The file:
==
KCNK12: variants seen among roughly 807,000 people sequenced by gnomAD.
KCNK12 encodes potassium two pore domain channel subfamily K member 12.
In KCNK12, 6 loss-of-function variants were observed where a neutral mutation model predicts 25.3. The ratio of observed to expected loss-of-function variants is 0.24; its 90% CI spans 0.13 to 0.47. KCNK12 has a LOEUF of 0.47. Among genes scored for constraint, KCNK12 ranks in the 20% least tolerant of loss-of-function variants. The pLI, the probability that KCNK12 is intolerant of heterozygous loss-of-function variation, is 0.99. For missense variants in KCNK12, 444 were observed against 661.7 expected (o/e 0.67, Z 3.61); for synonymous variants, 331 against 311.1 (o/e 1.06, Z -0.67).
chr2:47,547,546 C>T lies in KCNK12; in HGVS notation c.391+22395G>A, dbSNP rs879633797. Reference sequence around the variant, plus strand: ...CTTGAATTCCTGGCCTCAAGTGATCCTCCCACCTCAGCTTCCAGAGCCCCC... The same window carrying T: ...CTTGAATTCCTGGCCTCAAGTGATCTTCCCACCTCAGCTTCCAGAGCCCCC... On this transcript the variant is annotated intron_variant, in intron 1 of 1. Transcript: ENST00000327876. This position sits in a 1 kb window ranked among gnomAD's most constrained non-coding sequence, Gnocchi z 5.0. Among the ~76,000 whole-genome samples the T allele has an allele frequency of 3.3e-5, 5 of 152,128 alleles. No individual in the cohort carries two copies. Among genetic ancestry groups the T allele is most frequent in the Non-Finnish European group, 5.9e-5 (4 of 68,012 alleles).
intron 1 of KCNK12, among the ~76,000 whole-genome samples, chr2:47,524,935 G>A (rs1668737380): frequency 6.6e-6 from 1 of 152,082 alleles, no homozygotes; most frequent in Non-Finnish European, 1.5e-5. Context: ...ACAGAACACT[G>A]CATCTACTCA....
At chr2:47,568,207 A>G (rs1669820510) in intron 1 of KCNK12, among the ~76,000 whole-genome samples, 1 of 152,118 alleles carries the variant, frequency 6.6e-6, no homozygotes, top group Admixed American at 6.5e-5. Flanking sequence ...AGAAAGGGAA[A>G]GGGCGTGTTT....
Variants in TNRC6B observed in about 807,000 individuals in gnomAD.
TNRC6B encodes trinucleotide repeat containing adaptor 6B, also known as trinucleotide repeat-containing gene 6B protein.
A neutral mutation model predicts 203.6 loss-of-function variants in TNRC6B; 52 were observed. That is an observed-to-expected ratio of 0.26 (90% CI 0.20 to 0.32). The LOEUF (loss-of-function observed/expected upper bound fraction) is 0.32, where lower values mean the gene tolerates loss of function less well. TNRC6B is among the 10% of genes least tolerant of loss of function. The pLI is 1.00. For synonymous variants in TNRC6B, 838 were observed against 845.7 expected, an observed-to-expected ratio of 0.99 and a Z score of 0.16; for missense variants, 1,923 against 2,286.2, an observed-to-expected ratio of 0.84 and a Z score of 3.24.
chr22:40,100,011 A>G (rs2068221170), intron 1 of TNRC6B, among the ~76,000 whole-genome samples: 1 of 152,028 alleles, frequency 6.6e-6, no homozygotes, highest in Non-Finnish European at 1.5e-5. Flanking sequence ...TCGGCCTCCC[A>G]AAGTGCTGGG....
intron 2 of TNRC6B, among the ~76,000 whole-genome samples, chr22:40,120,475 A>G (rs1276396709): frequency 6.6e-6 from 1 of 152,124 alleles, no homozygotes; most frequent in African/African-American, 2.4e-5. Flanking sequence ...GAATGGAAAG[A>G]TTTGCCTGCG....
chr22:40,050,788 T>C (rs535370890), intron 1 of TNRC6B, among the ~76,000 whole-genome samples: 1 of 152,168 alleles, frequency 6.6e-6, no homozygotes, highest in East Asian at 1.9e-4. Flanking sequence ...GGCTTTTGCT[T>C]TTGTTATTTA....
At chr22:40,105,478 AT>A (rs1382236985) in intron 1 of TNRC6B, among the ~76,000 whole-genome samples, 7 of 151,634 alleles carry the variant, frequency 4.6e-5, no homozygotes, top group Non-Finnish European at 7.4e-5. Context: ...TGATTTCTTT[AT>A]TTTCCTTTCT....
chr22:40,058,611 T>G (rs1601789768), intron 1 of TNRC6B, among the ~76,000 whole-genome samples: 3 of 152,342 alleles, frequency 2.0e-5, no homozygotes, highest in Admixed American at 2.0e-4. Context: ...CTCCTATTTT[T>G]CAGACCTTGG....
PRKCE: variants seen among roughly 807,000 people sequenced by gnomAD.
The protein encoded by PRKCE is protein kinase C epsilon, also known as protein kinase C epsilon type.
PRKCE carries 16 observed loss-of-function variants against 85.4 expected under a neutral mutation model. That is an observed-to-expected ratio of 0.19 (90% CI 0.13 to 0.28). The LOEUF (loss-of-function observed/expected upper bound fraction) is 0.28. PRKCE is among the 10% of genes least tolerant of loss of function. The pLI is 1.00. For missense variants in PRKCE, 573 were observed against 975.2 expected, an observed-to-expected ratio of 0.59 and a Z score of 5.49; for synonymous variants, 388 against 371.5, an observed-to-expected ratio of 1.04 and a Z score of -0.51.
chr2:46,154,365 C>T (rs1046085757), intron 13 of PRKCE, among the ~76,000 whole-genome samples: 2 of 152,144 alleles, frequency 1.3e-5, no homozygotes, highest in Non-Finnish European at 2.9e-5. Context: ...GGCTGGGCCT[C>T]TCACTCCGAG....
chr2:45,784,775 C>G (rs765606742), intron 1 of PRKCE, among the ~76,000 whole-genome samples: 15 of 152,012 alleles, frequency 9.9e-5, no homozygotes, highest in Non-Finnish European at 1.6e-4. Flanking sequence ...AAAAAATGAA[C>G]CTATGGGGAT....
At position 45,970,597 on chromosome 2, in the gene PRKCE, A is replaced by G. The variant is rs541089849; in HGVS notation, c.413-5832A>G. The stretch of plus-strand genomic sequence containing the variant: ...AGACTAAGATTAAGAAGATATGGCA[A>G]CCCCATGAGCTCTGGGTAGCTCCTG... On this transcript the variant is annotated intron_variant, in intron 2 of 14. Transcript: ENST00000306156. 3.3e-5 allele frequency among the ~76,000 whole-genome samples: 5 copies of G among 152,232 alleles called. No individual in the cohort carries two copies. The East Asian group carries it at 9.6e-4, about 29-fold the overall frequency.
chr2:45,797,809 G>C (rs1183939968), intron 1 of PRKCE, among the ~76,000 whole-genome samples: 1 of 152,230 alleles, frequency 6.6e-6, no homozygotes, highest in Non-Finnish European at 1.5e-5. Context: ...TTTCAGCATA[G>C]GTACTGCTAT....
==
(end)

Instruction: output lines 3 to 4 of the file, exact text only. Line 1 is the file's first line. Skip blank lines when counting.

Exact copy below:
In KCNK12, 6 loss-of-function variants were observed where a neutral mutation model predicts 25.3. The ratio of observed to expected loss-of-function variants is 0.24; its 90% CI spans 0.13 to 0.47. KCNK12 has a LOEUF of 0.47. Among genes scored for constraint, KCNK12 ranks in the 20% least tolerant of loss-of-function variants. The pLI, the probability that KCNK12 is intolerant of heterozygous loss-of-function variation, is 0.99. For missense variants in KCNK12, 444 were observed against 661.7 expected (o/e 0.67, Z 3.61); for synonymous variants, 331 against 311.1 (o/e 1.06, Z -0.67).
chr2:47,547,546 C>T lies in KCNK12; in HGVS notation c.391+22395G>A, dbSNP rs879633797. Reference sequence around the variant, plus strand: ...CTTGAATTCCTGGCCTCAAGTGATCCTCCCACCTCAGCTTCCAGAGCCCCC... The same window carrying T: ...CTTGAATTCCTGGCCTCAAGTGATCTTCCCACCTCAGCTTCCAGAGCCCCC... On this transcript the variant is annotated intron_variant, in intron 1 of 1. Transcript: ENST00000327876. This position sits in a 1 kb window ranked among gnomAD's most constrained non-coding sequence, Gnocchi z 5.0. Among the ~76,000 whole-genome samples the T allele has an allele frequency of 3.3e-5, 5 of 152,128 alleles. No individual in the cohort carries two copies. Among genetic ancestry groups the T allele is most frequent in the Non-Finnish European group, 5.9e-5 (4 of 68,012 alleles).